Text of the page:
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Shahid Thai Speech

Shahid Thai Speech

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Published by: chorpharn4269 on Jul 01, 2009
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Development through the DecadesA Critical Look at 30 years of the World Development ReportShahid YusufMarch 6
Few people read big books anymore. So I have written a small book thatmeditates on the content of 30 big books on development. In it I celebrate theadvances in our knowledge of development and comment on its practicalcontribution.I hope that you will agree with me that this is an appropriate time to takestock of what development economics has to offer by way of practical policies. Ina matter of months, a problem that emerged in one corner of the financial marketin the United States has mushroomed into a global crisis affecting all countries.During the East Asian crisis eleven years ago, the advanced industrial countrieswere largely spared and their resilience speeded up recovery. This is not the casenow. The epicenter of the current crisis lies in the west and this together withglobalization, explains both its seriousness and speed with which the shock hasbeen transmitted around a world. Coming on the heels of the price spikes of energy, raw materials and food grains, the consequences threaten to bedevastating; unless, effective policies speedily implemented, can undo the damage
done by wrong headed policy making, regulatory incompetence, the irrationalexuberance of unchecked market forces and the unanticipated costs of apparentlybenign financial innovations. Most puzzling is the apparent failure of the layers of market institutions, regulators, monitoring agencies, international bodies such asthe IMF and the FSF, highly informed market participants and commentators, andthe experienced financial entities who have suffered huge losses, to anticipate not just the crisis but also its magnitude. After all, global financial integration is a wellknown fact. Almost equally surprising is the absence of a broad consensus onreflationary measures even when the potency of monetary policy is close to beingexhausted.When I embarked on this study towards the very end of 2007 for the 30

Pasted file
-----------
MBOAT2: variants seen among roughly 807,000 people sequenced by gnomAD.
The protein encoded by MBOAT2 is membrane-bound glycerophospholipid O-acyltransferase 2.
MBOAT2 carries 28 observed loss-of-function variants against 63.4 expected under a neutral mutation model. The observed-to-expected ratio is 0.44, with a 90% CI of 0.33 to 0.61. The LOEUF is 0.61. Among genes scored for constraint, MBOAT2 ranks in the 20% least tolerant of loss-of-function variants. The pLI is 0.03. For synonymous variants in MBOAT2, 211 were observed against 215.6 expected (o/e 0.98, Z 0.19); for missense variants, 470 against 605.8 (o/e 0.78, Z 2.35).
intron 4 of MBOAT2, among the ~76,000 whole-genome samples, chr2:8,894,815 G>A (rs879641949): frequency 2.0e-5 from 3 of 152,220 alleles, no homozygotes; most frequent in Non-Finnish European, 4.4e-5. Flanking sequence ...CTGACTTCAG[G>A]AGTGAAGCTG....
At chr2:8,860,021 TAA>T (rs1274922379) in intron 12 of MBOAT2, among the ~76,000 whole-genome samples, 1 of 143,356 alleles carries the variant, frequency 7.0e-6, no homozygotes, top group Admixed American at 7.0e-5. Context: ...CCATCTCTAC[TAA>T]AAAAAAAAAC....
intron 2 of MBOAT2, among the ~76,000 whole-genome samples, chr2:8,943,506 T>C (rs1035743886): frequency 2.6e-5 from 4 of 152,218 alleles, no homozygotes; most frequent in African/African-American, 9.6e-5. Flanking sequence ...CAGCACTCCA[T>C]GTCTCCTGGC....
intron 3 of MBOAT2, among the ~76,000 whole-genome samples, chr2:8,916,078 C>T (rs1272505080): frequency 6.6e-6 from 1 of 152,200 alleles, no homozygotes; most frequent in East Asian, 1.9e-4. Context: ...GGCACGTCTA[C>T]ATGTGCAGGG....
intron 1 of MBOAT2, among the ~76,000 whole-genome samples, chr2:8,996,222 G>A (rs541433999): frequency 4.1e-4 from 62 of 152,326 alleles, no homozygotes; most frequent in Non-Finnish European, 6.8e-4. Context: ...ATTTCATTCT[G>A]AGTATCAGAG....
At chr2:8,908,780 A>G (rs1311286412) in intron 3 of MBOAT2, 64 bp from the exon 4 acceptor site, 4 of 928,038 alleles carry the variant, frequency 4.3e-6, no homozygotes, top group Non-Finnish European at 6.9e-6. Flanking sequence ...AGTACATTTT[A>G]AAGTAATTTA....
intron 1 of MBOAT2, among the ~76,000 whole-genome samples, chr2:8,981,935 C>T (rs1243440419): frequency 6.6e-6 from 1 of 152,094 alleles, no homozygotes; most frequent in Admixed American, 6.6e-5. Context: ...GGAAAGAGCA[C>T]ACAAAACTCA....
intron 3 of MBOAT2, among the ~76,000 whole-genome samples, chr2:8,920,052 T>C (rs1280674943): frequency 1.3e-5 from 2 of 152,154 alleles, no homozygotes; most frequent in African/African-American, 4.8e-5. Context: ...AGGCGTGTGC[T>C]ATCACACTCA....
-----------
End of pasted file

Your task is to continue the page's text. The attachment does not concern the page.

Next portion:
Anniversary of the World Development Report, the question as to whetherdevelopment economics was up to the task of sustaining growth and lesseningpoverty was uppermost in my mind. As my work progressed, and the pressuresreleased by the implosion of the subprime mortgage market began to spillover,other questions crowded in. These were questions regarding the efficacy of macroeconomic policies and regulatory institutions in managing markets whichwere proving to be far less stable and self-equilibrating than market participantsand policy makers had been lulled into believing. I will touch upon these later inmy talk.
Thirty World Development Reports comprise one very long shelf of oversizebooks. I was initially daunted by the thought of reviewing them all in a matter of months and feared for my sanity. What sustained me was the belief that thisproject provided me with an unrivalled opportunity to assess the contribution of development economics over three highly fruitful decadesLooking back over the eight month long gestation of this book, I am gladthat I decided to take the plunge because the time travel through 30 years has beenexhilarating to say the least.From the outset, my intention was to produce a piece which was compact,readable and provocative-to keep the reader awake and engaged. In my talk todayI will try and pique your interest by highlighting some of the big challenges fordevelopment economics, and hope that this will persuade you to read the book. Iwill start with the genesis and success of the WDR, and then turn to the maintheme of the essay which is a critical assessment of how development economicsinforms policymaking.I had been in the Bank just a handful of years when Mr. McNamara decidedto launch the WDR. I remember how much excitement was generated by theannouncement, and later over the anointing of the first WDR Director and the

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